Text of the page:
Program utilizing voice recognition technology aiming to enhance literacy skills
Wednesday April 27, 2011 — Deron Hamel
A program offered by the Burnaby Association for Community Inclusion (BACI) is helping adults accessing services from the organization enhance literacy skills with innovative technology.
For several years now, John Dunlop, an adult care worker at the Burnaby Association for Community Inclusion (BACI), has been leading the program, which utilizes Reading Companion, a computer application with voice-recognition technology developed by IBM.
The program is a component of a four-hour computer class John leads.
The program, which runs twice a week for one hour and sees seven people participating at a time, has been successful at engaging people and helping to build literacy skills, says John.
When people using Reading Companion enter the website they are given options of books to read. There are about 100 e-books available to adult learners.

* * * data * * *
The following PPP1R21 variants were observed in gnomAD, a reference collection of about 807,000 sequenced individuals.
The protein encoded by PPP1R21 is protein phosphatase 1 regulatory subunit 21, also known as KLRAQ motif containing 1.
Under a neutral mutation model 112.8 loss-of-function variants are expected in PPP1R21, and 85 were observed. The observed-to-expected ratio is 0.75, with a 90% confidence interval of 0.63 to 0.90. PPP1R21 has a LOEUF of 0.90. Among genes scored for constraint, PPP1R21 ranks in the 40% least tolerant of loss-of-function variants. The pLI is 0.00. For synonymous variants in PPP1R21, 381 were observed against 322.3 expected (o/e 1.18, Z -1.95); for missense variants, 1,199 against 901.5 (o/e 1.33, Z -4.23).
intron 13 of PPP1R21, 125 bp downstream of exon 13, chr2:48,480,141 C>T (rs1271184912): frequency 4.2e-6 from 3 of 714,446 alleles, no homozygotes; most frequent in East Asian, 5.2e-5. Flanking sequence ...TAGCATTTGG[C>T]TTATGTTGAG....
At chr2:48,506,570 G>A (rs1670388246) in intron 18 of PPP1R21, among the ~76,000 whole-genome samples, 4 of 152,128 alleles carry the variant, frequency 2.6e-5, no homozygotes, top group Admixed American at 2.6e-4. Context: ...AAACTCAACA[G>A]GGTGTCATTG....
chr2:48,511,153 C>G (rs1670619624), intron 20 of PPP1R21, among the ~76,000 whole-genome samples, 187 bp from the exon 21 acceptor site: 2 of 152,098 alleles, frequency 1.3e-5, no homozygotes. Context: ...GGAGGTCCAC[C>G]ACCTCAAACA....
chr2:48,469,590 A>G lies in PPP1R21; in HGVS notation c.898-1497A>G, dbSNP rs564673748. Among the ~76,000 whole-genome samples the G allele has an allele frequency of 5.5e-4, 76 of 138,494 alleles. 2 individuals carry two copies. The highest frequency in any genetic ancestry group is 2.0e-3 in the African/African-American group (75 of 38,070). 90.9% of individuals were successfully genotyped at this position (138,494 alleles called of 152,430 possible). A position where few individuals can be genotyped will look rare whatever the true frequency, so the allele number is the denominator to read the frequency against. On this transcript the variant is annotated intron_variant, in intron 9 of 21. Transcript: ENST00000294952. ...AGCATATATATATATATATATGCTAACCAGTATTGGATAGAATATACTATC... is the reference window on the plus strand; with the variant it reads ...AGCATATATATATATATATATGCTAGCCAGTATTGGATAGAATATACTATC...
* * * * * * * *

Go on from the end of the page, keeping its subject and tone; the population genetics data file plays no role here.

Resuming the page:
Once the user selects the book they want, a virtual “companion” will read aloud the material, which users hear through headphones.
As the “companion” reads the material, the words come up in green text on the screen.
The user then reads material back through a microphone attached to their headset. The “companion” then provides positive encouragement to the user. As the person’s literacy skills grow stronger, the “companion” reads less material to the user, encouraging people to read on their own.
While people currently participating in the program are not yet able to read full articles, the expectation of BACI and family members is that the program will assist people with literacy challenges eventually learn to read on their own.
John says one of the greatest successes of the program has been the interest it’s receiving from participants.
“The enthusiasm is there,” he says. “The hope is one day that they’ll be able to read, and the expectation is there.”
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